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36 for the project cannot provide the required current. To reduce had been installed on top of the existing jacket and therefore the resistance of the circuit and keep the system partially oper- the cathodic protection system was unable to function. ating, the owner has to regularly spray water on the underside of the approach slabs to reduce system resistance. INSTALLATION AND QUALITY CONTROL Design could also include the impact of other systems Proper installation is necessary for the success of any system. present on the structure. For example, the cathodic protection Therefore, qualified individuals must be used to install cathodic system on the bridge carrying I-64 in Norfolk, Virginia, can- protection systems. If qualified installers are not available, not be operated owing to supposed interference between the then the installers might be required to obtain assistance from rectifiers and other electrical systems on the bridge. This sys- qualified consultants who can provide guidance and quality tem was installed to protect approximately 400,000 square control. feet of the deck surface area. Upon energization of the sys- tem, it was observed that the rectifier cards were failing with- A qualified quality control and quality assurance provider in weeks. When operational, the system was providing ade- must be included in the installation process. There are several quate protection. The cause of the burnout of the rectifier examples of systems that are nonoperational from the time of cards was not confirmed; however, several theories were put installation. On the underside of the roadway of the Brooklyn forth by the involved parties including short circuits, ground- Battery Tunnel, a mixed metal oxide mesh anode was installed ing problems, interference from alternating current on the and encapsulated with shotcrete. Improper installation resulted bridge for lighting, etc. (34). A review of the impact of the in the shotcrete disbonding from the underside of the roadway cathodic protection system into the bridge electrical grid was at many locations. The problems were not identified during never conducted. In another example, an impressed current installation. This multimillion dollar system had to be dis- cathodic protection system on a bridge deck or decks in New carded as it was not fully functional (50). A similar problem Jersey failed to provide corrosion control because the design- was encountered on the Queen Isabella Causeway in Texas; ers had not included the impact of corrugated metallic forms however, owing to good quality control, the encapsulation was present at the bottom of the bridge deck(s). Owing to its large properly installed after three attempts and the system func- surface area, a majority of the cathodic protection current tioned as expected. Similarly, during installation of a mixed was received by the corrugated forms and an insufficient metal oxide mesh system on the top and the bottom surface of amount was received by the reinforcement. The failure of the the historic arches of the Jefferson Street Memorial Bridge in zinc foil with adhesive anodes on the hammer heads of the Fairmont, West Virginia, a trained and experienced inspector James River Bridge and the Route 58 eastbound lane over was able to detect the slight variation in the color of the anode, Leatherwood Creek (both in Virginia), was attributed to the which implied that the mixed metal oxide had not been sin- orientation of the panels of zinc in the vertical direction, tered to the titanium expanded mesh. The supplier denied it at which allowed water to flow along the joints and enter the first and had the contractor install the defective material. Test- space between the anode and the adhesive resulting in dis- ing of the suspect mesh verified the lack of mixed metal oxide bondment (34). on the mesh and it cost the contractor $500,000 to correct the problem. The last reported inspection, after 5 years of opera- Placement of rectifiers on bridge decks where they are tion, indicated that the system is functioning as designed. susceptible to lightning strikes required the Virginia DOT to keep replacing several control cards every year on the James Electrical shorts between the anode and the reinforcing River Bridge when the conductive paint system was installed steel are the most common problems encountered in the instal- on the hammerheads. The rectifiers had alternating current lation of these systems. A rigorous testing schedule must be and direct current lightning arrestors; however, these arrestors maintained to ensure that there are no shorts, especially in were destroyed after the first lightning strike and the control impressed current systems. Many systems have failed as a cards were damaged during subsequent strikes. The project result of the presence of shorts. manager for DP-84 indicated that in several projects in which DP-84 was involved, rectifiers suffered damage from light- ning strikes. Thus, design could also include a careful selec- MONITORING AND MAINTENANCE tion of the placement of the rectifiers and protection against lightning and vandalism. The respondents in the survey have made it clear that monitor- ing and maintenance of the cathodic protection system is too In addition to good design, a detailed set of specifications burdensome and that most agencies are finding it difficult to is required for installation. The specifications would take into cope with this process. Initial cost and monitoring are the fac- account the actual condition of the structure. In one project in tors that discourage the application of cathodic protection sys- Florida, the zinc expanded mesh system in a jacket failed to tems. Of the twenty-four respondents who have at least one provide adequate cathodic protection. Analysis of the failure cathodic protection system, only 10 monitor them as summa- indicated that the project specifications did not provide any rized in Table 17 in chapter four. Therefore, 14 agencies do not instructions to remove the existing jacket and the new jacket monitor their cathodic protection systems. Among the respon-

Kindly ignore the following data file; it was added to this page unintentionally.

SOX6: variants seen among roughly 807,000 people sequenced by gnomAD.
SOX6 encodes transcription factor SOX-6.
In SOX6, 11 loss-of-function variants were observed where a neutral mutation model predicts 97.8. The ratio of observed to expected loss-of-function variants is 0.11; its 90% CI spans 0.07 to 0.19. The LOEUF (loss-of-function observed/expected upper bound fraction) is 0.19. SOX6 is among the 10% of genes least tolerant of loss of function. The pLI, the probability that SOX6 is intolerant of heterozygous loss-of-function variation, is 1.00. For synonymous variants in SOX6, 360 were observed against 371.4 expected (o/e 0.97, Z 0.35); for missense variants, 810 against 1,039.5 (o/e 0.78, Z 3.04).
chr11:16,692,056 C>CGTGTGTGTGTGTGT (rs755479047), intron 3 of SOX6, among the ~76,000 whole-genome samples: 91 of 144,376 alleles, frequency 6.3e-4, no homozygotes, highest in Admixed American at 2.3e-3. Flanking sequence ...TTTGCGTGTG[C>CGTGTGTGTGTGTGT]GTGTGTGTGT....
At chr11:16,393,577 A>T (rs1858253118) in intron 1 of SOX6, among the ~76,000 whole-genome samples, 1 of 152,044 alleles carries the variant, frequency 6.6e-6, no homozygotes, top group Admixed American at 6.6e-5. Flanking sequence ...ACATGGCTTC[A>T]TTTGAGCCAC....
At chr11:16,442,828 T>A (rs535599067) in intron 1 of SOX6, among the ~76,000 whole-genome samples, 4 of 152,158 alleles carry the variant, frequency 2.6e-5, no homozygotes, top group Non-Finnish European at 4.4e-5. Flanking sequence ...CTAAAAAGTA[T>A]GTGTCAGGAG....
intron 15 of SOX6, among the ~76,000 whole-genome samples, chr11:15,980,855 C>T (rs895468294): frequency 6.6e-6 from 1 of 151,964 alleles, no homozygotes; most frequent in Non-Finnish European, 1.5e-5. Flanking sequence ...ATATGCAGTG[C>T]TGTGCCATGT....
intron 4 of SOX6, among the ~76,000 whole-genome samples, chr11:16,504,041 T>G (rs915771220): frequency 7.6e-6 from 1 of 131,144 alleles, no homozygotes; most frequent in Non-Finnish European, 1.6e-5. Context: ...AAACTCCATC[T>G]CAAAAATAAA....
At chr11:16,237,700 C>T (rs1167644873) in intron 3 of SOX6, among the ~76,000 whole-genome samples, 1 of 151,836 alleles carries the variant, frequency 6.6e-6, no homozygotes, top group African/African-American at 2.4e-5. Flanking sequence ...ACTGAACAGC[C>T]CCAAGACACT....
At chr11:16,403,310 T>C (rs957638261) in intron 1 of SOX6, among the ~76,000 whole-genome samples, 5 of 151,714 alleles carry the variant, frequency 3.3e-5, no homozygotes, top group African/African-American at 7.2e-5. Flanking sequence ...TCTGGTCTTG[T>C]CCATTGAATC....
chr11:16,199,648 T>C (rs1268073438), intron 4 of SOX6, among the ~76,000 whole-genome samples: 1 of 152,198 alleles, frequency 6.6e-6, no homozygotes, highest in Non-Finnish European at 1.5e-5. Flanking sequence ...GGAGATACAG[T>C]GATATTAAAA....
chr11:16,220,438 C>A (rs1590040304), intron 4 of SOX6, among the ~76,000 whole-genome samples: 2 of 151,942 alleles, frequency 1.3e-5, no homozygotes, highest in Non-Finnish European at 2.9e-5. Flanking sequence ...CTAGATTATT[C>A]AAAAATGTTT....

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37 dent states, only five monitored all of the systems, with TABLE 22 another four monitoring only some. The province of Ontario STATUS AND OPERATION OF CATHODIC PROTECTION SYSTEMS indicated that owing to downsizing of the government and the outsourcing of maintenance, it is concerned about its ability to Question Yes No monitor and maintain impressed current systems and are more Is the current status of operation of all or some of 11 11 inclined to use galvanic systems in the future. Texas does not the cathodic protection systems available to the agency? believe it can monitor and maintain the systems and therefore While they were operational, did the cathodic 15 2 does not use them. Utah had a total of seven systems, all of protection systems stop corrosion and extend which failed because they were not able to monitor and main- the remaining service life of the reinforced tain them and also because personnel involved with those pro- concrete component? jects are no longer with the department and very little if any If not, has a cause been determined? 4 2 information is now available. Only nine agencies indicated Note: Table based on results of Questions 41, 44, and 45 of the survey. that they have at least one person to monitor their cathodic protection systems and five believed that they had sufficient Site visits by the SHRP team before 1992 uncovered staff to monitor all of their systems. Monitoring and mainte- some systems that were believed by the agencies to be oper- nance being a significant burden was selected by the most ational, but had either failed or were powered off (51). The respondents (12) as a reason for not selecting cathodic protec- owners did not have the correct information on the systems tion systems in the future as noted in Table 21. Ohio, which in their jurisdiction. Under FHWA Demonstration Proj- had started to use cathodic protection systems in the 1980s, ect 84, similar experiences were discovered in several has lost all personnel who were familiar with the systems and states. Agencies believed that their systems were opera- at present even status information on these systems is not tional when, in actuality, they were not. In one instance, the available to the agency. present staff of the agency did not even know that they had a cathodic protection system in their jurisdiction. Table 22 summarizes the responses to the question that asked if the TABLE 21 agency was aware of the status of the cathodic protection NOT INCLINED TO USE CATHODIC PROTECTION systems they have. IN THE FUTURE No. of Seven of the 22 respondents to Question 42 (Table 23) Reason Respondents indicated that they had less than 5% of their cathodic protec- Cathodic protection system did not work at all 3 tion systems operational. In Question 47 (Table 24), most Cathodic protection did not stop corrosion and 0 respondents believed that the failure of their cathodic protec- concrete repairs were required after cathodic tion systems could be attributed to insufficient current output protection installation within the by the system owing to improper settings. Improper current first 5 years settings are a symptom of inadequate monitoring and main- Cathodic protection components failed and could 7 tenance and can be easily rectified and not be a reason for the not be maintained inadequate performance. Monitoring and maintenance was a significant 13 burden Many of the disappointing experiences have resulted The agency does not have the resources to 7 from failure of systems as a result of insufficient monitor- monitor and maintain the cathodic protection ing and maintenance; many agencies simply do not have the system resources. Some agencies installed systems for non-technical The technology is not well understood by the 3 agency reasons. As their understanding of the technology and their confidence in its ability to provide protection were inadequate, The consultants are not well versed in the 1 technology to recommend it to the agency sufficient motivation did not exist to allocate the necessary resources. In some instances, the agencies did not appreciate Applicators and contractors that do business with 2 the agency do not have any experience with the technology TABLE 23 PERCENT OF SYSTEMS OPERATIONAL Experience of other agencies suggest cathodic 1 % Cathodic protection is too complicated, does not work, is Protection too expensive, and requires significant Systems No. of Responses monitoring and maintenance Agency staff with experience in cathodic 2 5 7 protection has retired or have been promoted 20 0 and new staff have no experience with cathodic 40 2 protection 60 2 Cost of cathodic protection was relatively higher 10 80 4 then other options 100 7 Other 3 Note: Table based on results of Question 42 Note: Table based on results of Question 31 of the survey. of the survey.